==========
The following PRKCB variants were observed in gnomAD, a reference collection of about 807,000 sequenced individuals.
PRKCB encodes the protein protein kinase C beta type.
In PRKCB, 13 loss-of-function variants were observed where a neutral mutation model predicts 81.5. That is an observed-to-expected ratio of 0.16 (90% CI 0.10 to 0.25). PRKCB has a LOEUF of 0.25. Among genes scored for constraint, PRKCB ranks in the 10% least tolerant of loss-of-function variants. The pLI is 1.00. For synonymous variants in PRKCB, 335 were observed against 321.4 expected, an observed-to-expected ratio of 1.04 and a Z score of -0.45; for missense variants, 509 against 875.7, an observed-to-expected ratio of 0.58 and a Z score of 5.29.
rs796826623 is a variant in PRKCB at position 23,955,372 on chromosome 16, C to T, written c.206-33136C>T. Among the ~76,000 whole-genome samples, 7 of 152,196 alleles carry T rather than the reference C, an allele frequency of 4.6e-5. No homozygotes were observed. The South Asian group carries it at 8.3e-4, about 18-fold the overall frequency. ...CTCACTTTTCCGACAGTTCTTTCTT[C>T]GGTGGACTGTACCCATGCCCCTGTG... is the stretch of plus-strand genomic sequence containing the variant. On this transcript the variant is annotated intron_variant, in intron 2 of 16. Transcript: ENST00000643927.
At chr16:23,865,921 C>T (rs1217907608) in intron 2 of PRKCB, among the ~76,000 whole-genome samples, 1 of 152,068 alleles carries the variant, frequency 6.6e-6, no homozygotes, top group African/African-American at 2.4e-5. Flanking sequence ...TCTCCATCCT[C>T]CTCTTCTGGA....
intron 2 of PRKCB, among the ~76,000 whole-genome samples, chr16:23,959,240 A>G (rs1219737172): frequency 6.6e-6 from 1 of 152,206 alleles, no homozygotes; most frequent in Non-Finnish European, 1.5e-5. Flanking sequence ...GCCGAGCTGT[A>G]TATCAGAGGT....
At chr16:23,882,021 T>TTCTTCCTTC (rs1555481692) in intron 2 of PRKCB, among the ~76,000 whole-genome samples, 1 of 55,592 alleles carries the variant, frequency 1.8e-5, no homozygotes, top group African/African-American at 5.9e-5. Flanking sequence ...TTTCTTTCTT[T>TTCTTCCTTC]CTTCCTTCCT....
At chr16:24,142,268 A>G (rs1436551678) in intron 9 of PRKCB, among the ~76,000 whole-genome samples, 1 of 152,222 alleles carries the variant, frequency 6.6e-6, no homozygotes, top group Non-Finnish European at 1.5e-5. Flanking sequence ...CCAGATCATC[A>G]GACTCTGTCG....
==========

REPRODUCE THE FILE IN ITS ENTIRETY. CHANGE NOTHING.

The following PRKCB variants were observed in gnomAD, a reference collection of about 807,000 sequenced individuals.
PRKCB encodes the protein protein kinase C beta type.
In PRKCB, 13 loss-of-function variants were observed where a neutral mutation model predicts 81.5. That is an observed-to-expected ratio of 0.16 (90% CI 0.10 to 0.25). PRKCB has a LOEUF of 0.25. Among genes scored for constraint, PRKCB ranks in the 10% least tolerant of loss-of-function variants. The pLI is 1.00. For synonymous variants in PRKCB, 335 were observed against 321.4 expected, an observed-to-expected ratio of 1.04 and a Z score of -0.45; for missense variants, 509 against 875.7, an observed-to-expected ratio of 0.58 and a Z score of 5.29.
rs796826623 is a variant in PRKCB at position 23,955,372 on chromosome 16, C to T, written c.206-33136C>T. Among the ~76,000 whole-genome samples, 7 of 152,196 alleles carry T rather than the reference C, an allele frequency of 4.6e-5. No homozygotes were observed. The South Asian group carries it at 8.3e-4, about 18-fold the overall frequency. ...CTCACTTTTCCGACAGTTCTTTCTT[C>T]GGTGGACTGTACCCATGCCCCTGTG... is the stretch of plus-strand genomic sequence containing the variant. On this transcript the variant is annotated intron_variant, in intron 2 of 16. Transcript: ENST00000643927.
At chr16:23,865,921 C>T (rs1217907608) in intron 2 of PRKCB, among the ~76,000 whole-genome samples, 1 of 152,068 alleles carries the variant, frequency 6.6e-6, no homozygotes, top group African/African-American at 2.4e-5. Flanking sequence ...TCTCCATCCT[C>T]CTCTTCTGGA....
intron 2 of PRKCB, among the ~76,000 whole-genome samples, chr16:23,959,240 A>G (rs1219737172): frequency 6.6e-6 from 1 of 152,206 alleles, no homozygotes; most frequent in Non-Finnish European, 1.5e-5. Flanking sequence ...GCCGAGCTGT[A>G]TATCAGAGGT....
At chr16:23,882,021 T>TTCTTCCTTC (rs1555481692) in intron 2 of PRKCB, among the ~76,000 whole-genome samples, 1 of 55,592 alleles carries the variant, frequency 1.8e-5, no homozygotes, top group African/African-American at 5.9e-5. Flanking sequence ...TTTCTTTCTT[T>TTCTTCCTTC]CTTCCTTCCT....
At chr16:24,142,268 A>G (rs1436551678) in intron 9 of PRKCB, among the ~76,000 whole-genome samples, 1 of 152,222 alleles carries the variant, frequency 6.6e-6, no homozygotes, top group Non-Finnish European at 1.5e-5. Flanking sequence ...CCAGATCATC[A>G]GACTCTGTCG....